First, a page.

Making Seitan For The First Time

This confession might strike you as weird, but I've never made seitan before. You read that right.

There's an excuse for that though, and it's a pretty weak one. I didn't know about seitan until about a few months ago. I thought that the wheaten mock meats I found in the Asian grocery store were just not made at home because of some complicated process. Boo to me!

As soon as I found out about seitan bacon, I knew I had to make it. Why on Earth would I not try my hand at making some fake bacon? Especially when my eggplant bacon experiment did not produce desired results. That said, I set about looking for vital wheat gluten. I wanted a good brand that was reliable, produced consistent results and wasn't so crazily expensive it defeated the purpose of making it in the first place when I could just buy a bag of fake chicken pieces. So I went on iHerb, grabbed a bag of Bob's Red Mill's Vital Wheat Gluten (not cheap!) and waited patiently (Me? Patient? HA!) for the parcel to arrive.

Anyhow, I'm super-duper excited slash nervous about trying my hand at seitan. I mean, so many others have tried and failed, some rather spectacularly according to their reports. Surely my patisserie education won't fail me now? I'm not exactly known for following a recipe down to the very last letter, but I damn well will do my best at acing this... "this quest... mission... thing".

So, first things first, time to gather the ingredients. I'm gonna be making a small batch because if I screw up, at least I haven't ruined the entire bag of gluten, and besides, I'm going to be the only one eating this. I will be using this recipe as a basis to make the seitain ribs, omitting the chilli powder and using peanut butter instead of the tahini (I was not going to buy a whole jar of tahini for my first try). The author of the recipe also posted an informative explanation on how to make seitan and the different cooking methods. I decided to go with the baking method as it looked to be the easiest and most fail-proof and I could satisfy my craving for sticky barbecue ribs.

1 cup vital wheat gluten
1/2 tbs each of parsley and thyme  (Instead of 1.5 Tbs of chilli powder)
1/8 tsp paprika
1.5 tbs onion powder
1.5 tbs garlic powder
1/8 cup nutritional yeast
1/4 tsp ground black pepper
1 cup water
1/8 cup peanut butter (instead of tahini)
3/4 tbs salt-reduced soy sauce (I only have regular soy sauce so I'm using less soy sauce than specified in the recipe to make it less salty)
1 tsp liquid smoke

Method - Part 1
1. Preheat the oven to 170 degrees Celsius.
2. In a large bowl, combine all the dry ingredients and mix well.
3. In a smaller bowl, combine the wet ingredients, then add to the dry ingredients. Mix until just combined.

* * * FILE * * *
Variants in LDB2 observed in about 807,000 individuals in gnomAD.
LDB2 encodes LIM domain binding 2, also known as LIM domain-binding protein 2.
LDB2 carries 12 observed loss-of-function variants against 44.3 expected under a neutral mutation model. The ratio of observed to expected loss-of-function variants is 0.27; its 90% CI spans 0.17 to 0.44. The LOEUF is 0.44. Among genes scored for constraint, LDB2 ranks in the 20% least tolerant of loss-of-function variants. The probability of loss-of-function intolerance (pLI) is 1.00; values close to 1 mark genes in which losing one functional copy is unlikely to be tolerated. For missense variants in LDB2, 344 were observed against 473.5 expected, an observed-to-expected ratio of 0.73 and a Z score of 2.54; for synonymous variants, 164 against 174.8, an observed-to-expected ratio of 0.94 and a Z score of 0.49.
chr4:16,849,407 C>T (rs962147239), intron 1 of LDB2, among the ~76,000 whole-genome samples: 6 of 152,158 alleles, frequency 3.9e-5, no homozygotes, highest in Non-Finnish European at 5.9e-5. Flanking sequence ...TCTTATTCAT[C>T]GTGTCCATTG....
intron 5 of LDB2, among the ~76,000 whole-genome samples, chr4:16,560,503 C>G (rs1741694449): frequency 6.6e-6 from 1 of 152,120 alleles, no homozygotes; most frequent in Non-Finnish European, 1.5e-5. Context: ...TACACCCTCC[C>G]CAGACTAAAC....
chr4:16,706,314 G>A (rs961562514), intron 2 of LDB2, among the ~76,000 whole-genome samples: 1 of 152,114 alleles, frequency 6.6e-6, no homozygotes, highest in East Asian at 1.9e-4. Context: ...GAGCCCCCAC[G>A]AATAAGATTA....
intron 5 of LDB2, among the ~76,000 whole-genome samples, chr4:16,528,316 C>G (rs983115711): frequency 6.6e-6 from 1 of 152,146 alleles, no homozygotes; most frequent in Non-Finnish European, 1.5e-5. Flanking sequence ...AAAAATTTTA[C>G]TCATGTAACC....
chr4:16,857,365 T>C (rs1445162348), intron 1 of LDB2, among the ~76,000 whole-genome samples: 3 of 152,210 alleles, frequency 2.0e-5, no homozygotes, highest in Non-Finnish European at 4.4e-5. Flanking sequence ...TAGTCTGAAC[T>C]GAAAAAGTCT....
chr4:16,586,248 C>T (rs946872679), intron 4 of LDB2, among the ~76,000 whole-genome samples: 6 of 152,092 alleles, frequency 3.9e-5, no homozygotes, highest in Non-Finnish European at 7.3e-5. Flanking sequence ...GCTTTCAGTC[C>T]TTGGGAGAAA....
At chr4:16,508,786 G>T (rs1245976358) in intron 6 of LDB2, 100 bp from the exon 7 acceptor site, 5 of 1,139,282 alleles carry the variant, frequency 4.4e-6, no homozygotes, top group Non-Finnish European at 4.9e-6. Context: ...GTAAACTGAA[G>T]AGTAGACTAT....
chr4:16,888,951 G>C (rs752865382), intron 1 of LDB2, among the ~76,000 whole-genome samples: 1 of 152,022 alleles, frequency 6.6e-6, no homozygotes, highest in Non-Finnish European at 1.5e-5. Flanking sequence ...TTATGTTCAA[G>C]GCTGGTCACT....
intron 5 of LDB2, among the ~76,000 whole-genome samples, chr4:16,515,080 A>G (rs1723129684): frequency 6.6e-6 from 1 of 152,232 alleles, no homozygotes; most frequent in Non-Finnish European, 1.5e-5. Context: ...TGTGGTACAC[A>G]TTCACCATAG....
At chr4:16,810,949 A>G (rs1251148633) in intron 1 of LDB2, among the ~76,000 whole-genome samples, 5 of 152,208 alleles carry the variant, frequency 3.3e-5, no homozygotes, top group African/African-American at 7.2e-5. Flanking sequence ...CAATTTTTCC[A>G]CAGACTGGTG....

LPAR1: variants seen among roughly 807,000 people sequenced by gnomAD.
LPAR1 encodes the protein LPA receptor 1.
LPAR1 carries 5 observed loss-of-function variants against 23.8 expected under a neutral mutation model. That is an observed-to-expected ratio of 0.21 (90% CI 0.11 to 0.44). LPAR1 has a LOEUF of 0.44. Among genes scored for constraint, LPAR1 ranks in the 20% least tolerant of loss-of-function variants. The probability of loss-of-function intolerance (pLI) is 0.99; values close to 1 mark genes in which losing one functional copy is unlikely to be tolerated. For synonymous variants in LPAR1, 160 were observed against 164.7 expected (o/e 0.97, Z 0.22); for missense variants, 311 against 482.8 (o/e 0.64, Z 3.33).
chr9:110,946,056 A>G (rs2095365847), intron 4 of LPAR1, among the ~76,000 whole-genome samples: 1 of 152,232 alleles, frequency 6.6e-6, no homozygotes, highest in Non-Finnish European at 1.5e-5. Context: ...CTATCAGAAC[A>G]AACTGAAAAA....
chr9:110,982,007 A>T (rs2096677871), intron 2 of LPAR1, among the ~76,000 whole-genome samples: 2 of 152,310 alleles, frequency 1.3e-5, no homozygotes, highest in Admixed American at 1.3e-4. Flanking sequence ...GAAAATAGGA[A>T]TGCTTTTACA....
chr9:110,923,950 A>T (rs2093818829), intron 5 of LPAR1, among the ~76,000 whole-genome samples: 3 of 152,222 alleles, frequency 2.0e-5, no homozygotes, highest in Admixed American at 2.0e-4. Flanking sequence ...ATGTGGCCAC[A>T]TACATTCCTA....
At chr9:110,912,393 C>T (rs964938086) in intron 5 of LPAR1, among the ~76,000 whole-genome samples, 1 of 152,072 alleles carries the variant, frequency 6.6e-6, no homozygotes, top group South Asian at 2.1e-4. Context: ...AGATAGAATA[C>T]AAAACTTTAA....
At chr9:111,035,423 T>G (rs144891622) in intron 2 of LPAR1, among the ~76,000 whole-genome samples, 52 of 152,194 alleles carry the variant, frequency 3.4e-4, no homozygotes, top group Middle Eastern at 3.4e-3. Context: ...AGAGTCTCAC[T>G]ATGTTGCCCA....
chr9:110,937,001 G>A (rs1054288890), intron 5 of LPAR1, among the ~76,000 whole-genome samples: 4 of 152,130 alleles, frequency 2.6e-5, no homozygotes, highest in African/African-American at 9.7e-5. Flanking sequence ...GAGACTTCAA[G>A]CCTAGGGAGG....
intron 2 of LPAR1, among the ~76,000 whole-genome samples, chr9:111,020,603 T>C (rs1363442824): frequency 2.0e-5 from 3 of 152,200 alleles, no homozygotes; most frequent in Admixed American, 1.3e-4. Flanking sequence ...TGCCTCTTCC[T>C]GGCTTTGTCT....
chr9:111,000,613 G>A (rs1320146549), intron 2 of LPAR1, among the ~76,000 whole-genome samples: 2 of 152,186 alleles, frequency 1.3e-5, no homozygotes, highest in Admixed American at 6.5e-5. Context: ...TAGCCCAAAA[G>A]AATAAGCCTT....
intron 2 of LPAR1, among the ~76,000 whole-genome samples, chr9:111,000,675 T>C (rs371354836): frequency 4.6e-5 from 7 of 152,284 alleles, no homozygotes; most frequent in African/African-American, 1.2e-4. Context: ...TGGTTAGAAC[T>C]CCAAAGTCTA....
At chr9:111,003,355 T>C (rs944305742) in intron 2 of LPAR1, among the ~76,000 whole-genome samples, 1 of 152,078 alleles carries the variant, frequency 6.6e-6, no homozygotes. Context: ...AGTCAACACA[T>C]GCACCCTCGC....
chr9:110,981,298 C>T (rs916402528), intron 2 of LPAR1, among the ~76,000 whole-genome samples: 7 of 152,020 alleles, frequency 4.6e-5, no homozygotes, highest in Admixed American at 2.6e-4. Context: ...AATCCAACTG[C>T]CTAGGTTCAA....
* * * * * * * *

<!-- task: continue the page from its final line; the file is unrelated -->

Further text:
4. Knead the dough lightly until everything is combined and the dough feels elastic.
5. Grease a tray and add the dough to the dish, flattening and stretching it out to fit the dish. Cut the strips to the desired width and lengths.
6. Bake for 40 to 60 minutes (thinner ribs will cook faster) or until the ribs have a sturdy texture.

Dry ingredients waiting for some tasty moisture. 

Popped this baby out of the bowl for some kneading.

After a few minutes of kneading. Feels quite wet and not elastic at all.

Still wet, but has achieved elasticity after about 15 minutes of kneading.

Method - Part 2
1. Recut the strips and carefully loosen the seitan from the base of the tray.
2. Place cast iron grill pan on stove at medium-high heat. Grease with some olive oil once hot enough.
3. Coat the top of the seitan with barbecue marinade, lift each piece with a spatula and flip it sauce-side down onto the grill.
4. Generously coat the other side with more marinade.
5. Cook until sufficiently brown on the underside before flipping it over. Cook until it achieves the same level of brownness.
6. Remove from pan and serve.

Coating with some homemade barbecue marinade after baking in oven for 50 minutes. 

Just keep grillin', grillin', grillin'...

Um... one good thing can be said about this... uh... dish - the sauce was awesome. Other than that... sorry, but this was a flop, literally. I had to force myself to eat the entire plate because I didn't want it to go to waste. Basically the end product ended up being extremely gummy, not at all like the chewy yet firm texture of ribs. It felt like I was eating a plate of chewed-up chewing gum, and each piece was floppy and squishy (EW!) 

What went wrong? Was it the wet to dry ingredient ratio? Was it the 15 minute kneading session? Should I have cooked it for longer? I asked around, and it turned out that the recipe I based this on had the wet to dry ratio at 1:1 rather than 3:4, hence the wet dough and excessive kneading to achieve required elasticity. The product was still quite wet when I put it in the pan and it might have worked better if I baked it for much longer so that it evaporated more of the water content but it was at the risk of burning into a crisp by the time I took it out of the oven. 

Lesson learned: LESS LIQUID! 

Shall be attempting seitan bacon next. Fingers crossed that recipe produces a better result.


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